The numbers refer to the alloy -
6000 series alloys are aluminium + magnesium + silicon
7000 series alloys are aluminium + zinc + magnesium
Both types can be welded and heat-treated. 7000 alloys are harder and more resistant to fatigue than 6000 series and are usually lighter for a given amount. This is why 7000 series alloys are used predominantly in the construction of aircraft frames.
However, 6000 series alloys are more maleable (i.e. they can be formed into shape more easily) and have a higher corrosion resistance than 7000 series.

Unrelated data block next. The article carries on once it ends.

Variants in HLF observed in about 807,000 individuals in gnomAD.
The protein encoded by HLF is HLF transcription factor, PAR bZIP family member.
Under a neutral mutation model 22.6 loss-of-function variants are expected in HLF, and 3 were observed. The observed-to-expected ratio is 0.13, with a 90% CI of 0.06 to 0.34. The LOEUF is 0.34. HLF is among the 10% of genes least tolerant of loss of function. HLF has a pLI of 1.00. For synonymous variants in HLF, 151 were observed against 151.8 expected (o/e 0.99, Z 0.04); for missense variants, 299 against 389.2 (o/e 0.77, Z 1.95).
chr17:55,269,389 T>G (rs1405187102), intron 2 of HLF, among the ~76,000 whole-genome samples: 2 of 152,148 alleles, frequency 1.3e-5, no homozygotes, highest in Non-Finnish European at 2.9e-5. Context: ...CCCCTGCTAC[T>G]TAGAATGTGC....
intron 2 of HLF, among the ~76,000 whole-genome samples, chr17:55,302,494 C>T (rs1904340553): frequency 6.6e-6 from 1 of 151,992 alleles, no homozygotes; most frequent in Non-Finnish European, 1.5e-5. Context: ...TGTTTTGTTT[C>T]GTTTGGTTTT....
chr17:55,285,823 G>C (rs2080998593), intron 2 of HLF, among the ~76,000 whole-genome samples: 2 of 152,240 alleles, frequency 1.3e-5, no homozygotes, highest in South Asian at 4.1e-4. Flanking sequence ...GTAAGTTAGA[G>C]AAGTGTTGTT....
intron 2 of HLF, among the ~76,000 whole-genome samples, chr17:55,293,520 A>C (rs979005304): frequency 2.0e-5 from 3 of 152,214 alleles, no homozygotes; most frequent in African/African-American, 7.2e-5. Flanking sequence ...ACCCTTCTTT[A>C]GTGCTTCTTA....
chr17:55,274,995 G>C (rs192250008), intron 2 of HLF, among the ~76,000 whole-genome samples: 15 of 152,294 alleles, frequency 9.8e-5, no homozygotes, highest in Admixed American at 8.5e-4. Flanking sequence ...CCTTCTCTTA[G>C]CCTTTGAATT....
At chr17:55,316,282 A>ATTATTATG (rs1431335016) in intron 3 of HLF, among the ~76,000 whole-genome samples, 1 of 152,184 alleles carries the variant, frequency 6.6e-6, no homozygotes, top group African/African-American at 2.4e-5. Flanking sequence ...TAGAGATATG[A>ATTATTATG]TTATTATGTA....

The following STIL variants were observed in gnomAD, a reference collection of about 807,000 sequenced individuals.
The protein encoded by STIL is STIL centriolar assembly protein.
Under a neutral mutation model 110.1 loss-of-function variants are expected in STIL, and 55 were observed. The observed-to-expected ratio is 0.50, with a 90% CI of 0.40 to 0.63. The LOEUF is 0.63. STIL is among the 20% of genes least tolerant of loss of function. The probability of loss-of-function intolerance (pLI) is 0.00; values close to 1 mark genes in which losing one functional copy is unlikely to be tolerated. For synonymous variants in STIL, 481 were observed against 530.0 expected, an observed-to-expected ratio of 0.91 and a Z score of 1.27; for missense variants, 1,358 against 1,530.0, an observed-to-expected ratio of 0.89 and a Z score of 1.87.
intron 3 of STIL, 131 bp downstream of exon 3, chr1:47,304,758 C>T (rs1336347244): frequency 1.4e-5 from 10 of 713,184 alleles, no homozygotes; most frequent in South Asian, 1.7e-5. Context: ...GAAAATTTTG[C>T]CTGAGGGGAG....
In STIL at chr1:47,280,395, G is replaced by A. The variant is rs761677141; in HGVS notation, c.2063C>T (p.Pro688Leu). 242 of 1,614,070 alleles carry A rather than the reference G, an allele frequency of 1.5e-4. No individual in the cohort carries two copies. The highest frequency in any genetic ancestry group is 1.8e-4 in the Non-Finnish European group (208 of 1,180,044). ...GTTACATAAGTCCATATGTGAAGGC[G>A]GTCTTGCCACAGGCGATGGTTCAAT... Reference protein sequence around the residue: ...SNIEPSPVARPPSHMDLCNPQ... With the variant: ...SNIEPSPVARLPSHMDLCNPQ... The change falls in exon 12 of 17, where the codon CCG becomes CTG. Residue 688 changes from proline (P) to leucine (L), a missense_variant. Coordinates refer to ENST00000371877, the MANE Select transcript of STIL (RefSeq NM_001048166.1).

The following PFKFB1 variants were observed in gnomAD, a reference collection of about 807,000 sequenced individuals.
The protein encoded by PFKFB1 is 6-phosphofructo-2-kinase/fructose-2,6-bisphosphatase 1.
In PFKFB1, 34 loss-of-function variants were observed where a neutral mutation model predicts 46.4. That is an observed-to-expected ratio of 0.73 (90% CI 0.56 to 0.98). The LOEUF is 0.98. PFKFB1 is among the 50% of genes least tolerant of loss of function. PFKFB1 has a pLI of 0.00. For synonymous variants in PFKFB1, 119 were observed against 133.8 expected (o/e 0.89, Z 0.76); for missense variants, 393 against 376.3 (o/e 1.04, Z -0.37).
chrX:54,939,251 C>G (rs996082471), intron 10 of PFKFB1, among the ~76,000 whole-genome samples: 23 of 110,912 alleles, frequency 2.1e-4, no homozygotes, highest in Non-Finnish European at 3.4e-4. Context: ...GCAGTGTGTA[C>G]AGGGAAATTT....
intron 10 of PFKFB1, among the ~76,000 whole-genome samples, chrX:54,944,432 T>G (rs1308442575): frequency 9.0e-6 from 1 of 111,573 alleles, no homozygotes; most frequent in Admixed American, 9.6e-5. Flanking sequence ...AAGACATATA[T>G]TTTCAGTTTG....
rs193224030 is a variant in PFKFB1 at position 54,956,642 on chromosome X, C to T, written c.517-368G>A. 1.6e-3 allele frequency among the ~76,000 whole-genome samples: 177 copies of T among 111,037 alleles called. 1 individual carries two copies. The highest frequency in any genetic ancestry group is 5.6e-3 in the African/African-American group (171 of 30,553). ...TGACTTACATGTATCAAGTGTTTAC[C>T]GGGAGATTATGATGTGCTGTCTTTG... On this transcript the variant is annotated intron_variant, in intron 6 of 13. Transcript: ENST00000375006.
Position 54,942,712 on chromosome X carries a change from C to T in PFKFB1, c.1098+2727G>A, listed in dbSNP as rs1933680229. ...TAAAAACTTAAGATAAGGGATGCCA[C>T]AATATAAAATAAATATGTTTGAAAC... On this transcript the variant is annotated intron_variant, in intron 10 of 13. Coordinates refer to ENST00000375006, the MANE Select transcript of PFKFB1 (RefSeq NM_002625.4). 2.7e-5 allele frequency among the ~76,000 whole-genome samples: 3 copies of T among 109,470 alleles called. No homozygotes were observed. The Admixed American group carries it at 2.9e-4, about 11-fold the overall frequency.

For this reason, cheaper mass-produced bike frames are usually 7000 alloys, but frames which have butted or hydroformed tubing profiles are 6000 series.
You may also see the suffix T4 or T6 - this refers to the heat-treatment process that has been applied to the frame after welding to relieve unwanted stresses in the frame caused by the welding process.
There's an interesting article on aluminium alloys HERE.
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